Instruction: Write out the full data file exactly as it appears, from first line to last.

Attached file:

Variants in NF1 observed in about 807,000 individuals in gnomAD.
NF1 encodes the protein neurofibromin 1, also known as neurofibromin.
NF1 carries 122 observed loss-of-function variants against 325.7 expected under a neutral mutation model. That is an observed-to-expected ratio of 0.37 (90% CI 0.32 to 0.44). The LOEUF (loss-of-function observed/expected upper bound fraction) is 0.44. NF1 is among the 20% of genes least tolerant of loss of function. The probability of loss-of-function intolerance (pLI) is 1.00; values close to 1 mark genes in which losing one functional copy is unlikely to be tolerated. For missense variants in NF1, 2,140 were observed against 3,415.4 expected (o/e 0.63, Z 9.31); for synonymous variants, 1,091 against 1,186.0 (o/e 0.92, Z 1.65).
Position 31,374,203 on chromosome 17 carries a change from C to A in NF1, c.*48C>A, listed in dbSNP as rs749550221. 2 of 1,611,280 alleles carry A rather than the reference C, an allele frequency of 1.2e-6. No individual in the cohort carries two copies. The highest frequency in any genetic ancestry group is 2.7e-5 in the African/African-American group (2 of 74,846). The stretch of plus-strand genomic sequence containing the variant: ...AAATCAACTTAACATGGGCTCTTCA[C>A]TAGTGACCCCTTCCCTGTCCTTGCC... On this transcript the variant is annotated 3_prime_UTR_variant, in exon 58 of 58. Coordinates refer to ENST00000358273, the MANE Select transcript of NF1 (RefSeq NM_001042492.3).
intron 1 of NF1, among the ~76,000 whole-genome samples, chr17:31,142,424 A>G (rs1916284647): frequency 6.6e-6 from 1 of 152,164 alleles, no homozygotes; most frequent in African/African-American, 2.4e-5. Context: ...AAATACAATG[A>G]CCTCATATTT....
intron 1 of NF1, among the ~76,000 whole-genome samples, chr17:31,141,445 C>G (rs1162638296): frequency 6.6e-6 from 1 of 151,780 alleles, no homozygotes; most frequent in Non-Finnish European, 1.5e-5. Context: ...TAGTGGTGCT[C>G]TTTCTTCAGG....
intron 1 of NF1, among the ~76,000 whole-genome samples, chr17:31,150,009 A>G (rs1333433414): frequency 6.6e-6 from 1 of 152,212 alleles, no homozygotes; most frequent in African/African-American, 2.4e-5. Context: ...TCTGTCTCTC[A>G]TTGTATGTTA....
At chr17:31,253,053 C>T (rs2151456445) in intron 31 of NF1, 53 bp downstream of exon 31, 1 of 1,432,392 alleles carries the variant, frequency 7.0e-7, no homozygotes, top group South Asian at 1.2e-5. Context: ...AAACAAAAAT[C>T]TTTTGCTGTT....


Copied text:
Variants in NF1 observed in about 807,000 individuals in gnomAD.
NF1 encodes the protein neurofibromin 1, also known as neurofibromin.
NF1 carries 122 observed loss-of-function variants against 325.7 expected under a neutral mutation model. That is an observed-to-expected ratio of 0.37 (90% CI 0.32 to 0.44). The LOEUF (loss-of-function observed/expected upper bound fraction) is 0.44. NF1 is among the 20% of genes least tolerant of loss of function. The probability of loss-of-function intolerance (pLI) is 1.00; values close to 1 mark genes in which losing one functional copy is unlikely to be tolerated. For missense variants in NF1, 2,140 were observed against 3,415.4 expected (o/e 0.63, Z 9.31); for synonymous variants, 1,091 against 1,186.0 (o/e 0.92, Z 1.65).
Position 31,374,203 on chromosome 17 carries a change from C to A in NF1, c.*48C>A, listed in dbSNP as rs749550221. 2 of 1,611,280 alleles carry A rather than the reference C, an allele frequency of 1.2e-6. No individual in the cohort carries two copies. The highest frequency in any genetic ancestry group is 2.7e-5 in the African/African-American group (2 of 74,846). The stretch of plus-strand genomic sequence containing the variant: ...AAATCAACTTAACATGGGCTCTTCA[C>A]TAGTGACCCCTTCCCTGTCCTTGCC... On this transcript the variant is annotated 3_prime_UTR_variant, in exon 58 of 58. Coordinates refer to ENST00000358273, the MANE Select transcript of NF1 (RefSeq NM_001042492.3).
intron 1 of NF1, among the ~76,000 whole-genome samples, chr17:31,142,424 A>G (rs1916284647): frequency 6.6e-6 from 1 of 152,164 alleles, no homozygotes; most frequent in African/African-American, 2.4e-5. Context: ...AAATACAATG[A>G]CCTCATATTT....
intron 1 of NF1, among the ~76,000 whole-genome samples, chr17:31,141,445 C>G (rs1162638296): frequency 6.6e-6 from 1 of 151,780 alleles, no homozygotes; most frequent in Non-Finnish European, 1.5e-5. Context: ...TAGTGGTGCT[C>G]TTTCTTCAGG....
intron 1 of NF1, among the ~76,000 whole-genome samples, chr17:31,150,009 A>G (rs1333433414): frequency 6.6e-6 from 1 of 152,212 alleles, no homozygotes; most frequent in African/African-American, 2.4e-5. Context: ...TCTGTCTCTC[A>G]TTGTATGTTA....
At chr17:31,253,053 C>T (rs2151456445) in intron 31 of NF1, 53 bp downstream of exon 31, 1 of 1,432,392 alleles carries the variant, frequency 7.0e-7, no homozygotes, top group South Asian at 1.2e-5. Context: ...AAACAAAAAT[C>T]TTTTGCTGTT....